Once again elderly care has been placed in the spotlight.

This week we have seen a watchdog report showing that 4 out of 10 care homes are substandard.

As care homes are currently the most popular option for people who need care, this means that a huge part of our elderly population are not receiving the level of care they should.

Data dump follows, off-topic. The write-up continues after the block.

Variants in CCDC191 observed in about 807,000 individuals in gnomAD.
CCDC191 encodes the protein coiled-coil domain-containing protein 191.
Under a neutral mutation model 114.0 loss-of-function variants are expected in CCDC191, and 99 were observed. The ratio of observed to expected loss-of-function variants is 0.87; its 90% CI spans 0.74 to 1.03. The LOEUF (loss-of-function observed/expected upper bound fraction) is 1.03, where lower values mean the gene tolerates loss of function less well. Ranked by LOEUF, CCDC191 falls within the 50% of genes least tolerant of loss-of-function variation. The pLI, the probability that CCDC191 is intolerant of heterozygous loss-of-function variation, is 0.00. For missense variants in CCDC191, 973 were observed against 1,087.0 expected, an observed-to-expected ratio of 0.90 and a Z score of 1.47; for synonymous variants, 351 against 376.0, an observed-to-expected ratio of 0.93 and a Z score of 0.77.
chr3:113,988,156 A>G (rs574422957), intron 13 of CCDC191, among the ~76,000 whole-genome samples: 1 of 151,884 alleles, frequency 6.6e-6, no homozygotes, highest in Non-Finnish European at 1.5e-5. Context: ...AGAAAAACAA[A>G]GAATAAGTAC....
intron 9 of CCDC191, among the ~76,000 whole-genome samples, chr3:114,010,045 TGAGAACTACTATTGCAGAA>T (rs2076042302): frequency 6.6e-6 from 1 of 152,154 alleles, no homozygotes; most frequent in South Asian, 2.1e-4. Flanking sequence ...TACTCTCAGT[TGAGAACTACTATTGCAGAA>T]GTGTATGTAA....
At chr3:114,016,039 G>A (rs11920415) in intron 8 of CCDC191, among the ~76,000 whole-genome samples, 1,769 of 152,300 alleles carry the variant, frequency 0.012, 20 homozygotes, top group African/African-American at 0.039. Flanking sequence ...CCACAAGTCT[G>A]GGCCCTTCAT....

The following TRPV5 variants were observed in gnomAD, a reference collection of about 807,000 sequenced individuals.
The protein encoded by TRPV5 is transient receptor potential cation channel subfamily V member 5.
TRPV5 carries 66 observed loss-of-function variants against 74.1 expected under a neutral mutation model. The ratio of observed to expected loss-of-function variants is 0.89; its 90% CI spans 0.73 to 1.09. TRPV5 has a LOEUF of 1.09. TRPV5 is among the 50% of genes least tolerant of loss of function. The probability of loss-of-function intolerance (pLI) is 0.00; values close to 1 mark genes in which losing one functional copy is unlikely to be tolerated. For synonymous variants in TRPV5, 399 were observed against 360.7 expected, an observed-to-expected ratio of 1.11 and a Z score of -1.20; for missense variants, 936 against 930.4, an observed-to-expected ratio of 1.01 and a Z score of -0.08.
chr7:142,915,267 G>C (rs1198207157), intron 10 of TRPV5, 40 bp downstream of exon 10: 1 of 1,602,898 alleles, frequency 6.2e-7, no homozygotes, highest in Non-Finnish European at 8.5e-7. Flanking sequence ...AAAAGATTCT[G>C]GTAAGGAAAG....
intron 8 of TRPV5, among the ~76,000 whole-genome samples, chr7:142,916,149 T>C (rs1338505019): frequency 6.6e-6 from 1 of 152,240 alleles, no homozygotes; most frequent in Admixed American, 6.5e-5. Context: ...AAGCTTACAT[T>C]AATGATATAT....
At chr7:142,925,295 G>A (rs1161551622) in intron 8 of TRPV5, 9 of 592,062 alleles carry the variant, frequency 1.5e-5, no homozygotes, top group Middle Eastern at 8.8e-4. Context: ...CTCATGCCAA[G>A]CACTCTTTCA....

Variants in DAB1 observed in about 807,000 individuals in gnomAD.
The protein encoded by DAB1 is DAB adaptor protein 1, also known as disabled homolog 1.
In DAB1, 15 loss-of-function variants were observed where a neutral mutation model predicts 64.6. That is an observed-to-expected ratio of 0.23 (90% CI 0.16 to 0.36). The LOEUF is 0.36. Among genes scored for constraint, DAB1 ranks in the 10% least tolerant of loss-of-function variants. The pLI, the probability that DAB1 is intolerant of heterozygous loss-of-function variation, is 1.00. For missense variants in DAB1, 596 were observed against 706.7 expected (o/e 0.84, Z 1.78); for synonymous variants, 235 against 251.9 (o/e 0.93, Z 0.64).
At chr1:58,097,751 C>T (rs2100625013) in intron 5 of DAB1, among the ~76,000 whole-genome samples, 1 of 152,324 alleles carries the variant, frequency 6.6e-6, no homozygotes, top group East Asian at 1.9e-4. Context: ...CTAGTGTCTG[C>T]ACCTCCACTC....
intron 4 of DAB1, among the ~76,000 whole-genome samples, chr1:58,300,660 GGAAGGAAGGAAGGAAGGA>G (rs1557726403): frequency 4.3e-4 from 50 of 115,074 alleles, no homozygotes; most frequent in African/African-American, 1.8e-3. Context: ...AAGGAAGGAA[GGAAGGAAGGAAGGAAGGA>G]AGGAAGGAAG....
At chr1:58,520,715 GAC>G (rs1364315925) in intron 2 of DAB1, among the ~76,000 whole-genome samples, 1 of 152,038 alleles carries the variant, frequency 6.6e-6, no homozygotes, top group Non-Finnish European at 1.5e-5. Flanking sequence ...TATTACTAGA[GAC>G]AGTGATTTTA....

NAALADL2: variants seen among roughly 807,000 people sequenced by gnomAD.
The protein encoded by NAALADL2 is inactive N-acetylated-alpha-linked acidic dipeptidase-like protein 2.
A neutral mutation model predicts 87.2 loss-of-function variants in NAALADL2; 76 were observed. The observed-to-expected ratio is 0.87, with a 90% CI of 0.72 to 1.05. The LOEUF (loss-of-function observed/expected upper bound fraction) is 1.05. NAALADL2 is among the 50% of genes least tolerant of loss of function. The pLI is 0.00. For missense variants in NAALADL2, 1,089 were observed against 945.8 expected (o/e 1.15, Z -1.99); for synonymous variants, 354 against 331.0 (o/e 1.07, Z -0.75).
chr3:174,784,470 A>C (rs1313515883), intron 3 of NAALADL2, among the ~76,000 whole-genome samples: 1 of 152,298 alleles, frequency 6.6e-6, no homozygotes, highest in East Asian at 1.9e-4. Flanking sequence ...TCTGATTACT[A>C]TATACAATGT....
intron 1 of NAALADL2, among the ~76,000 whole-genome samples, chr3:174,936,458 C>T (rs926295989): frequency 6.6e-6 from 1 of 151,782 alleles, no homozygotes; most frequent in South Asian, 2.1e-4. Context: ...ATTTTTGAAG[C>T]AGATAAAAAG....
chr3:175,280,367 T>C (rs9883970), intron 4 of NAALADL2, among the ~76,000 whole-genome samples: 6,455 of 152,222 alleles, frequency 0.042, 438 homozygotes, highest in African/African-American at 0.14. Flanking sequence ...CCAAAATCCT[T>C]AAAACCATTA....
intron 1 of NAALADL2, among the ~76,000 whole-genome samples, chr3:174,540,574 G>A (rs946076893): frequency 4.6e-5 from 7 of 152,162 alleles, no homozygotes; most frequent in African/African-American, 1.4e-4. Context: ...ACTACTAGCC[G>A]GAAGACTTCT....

P1030859Is this a logistical problem? A funding issue? Or is it an inherent part of our culture that elderly people’s needs are considered less important than other services. As our population ages, elderly voting power increases, though it does seem people over a certain age are overlooked, their issues swept under the carpet, and yet these short falls are regularly in the news. Is this indicative of a national twinge of guilt at our attitudes toward the aged? It appears other cultures in Europe and beyond have healthier attitudes toward the elderly or the ‘third age’ as they are referred to in France. thumb_DSC_0062_1024Families come together to help the elderly, many move in with families, being embraced by younger generations. Perhaps we are not to blame, perhaps the increasing pressure on us to work longer hours, means we just don’t have the time to spare to look after our parents and grandparents at home. And if the care homes they go to are not able to look after them either? Then what are we to do? Once again we think that live in care provides a more familiar option. It allows one caring person in to the family who can care for mum or dad in their own home and be in direct contact with family members. They can be there on the end of the phone to let you know how everything is going and they’ll be there to welcome the family when it is time to visit. Saying this, there are some levels of care which can only be catered for in a nursing home but we feel more and more that most people would rather stay at home.thumb_DSC_0029_1024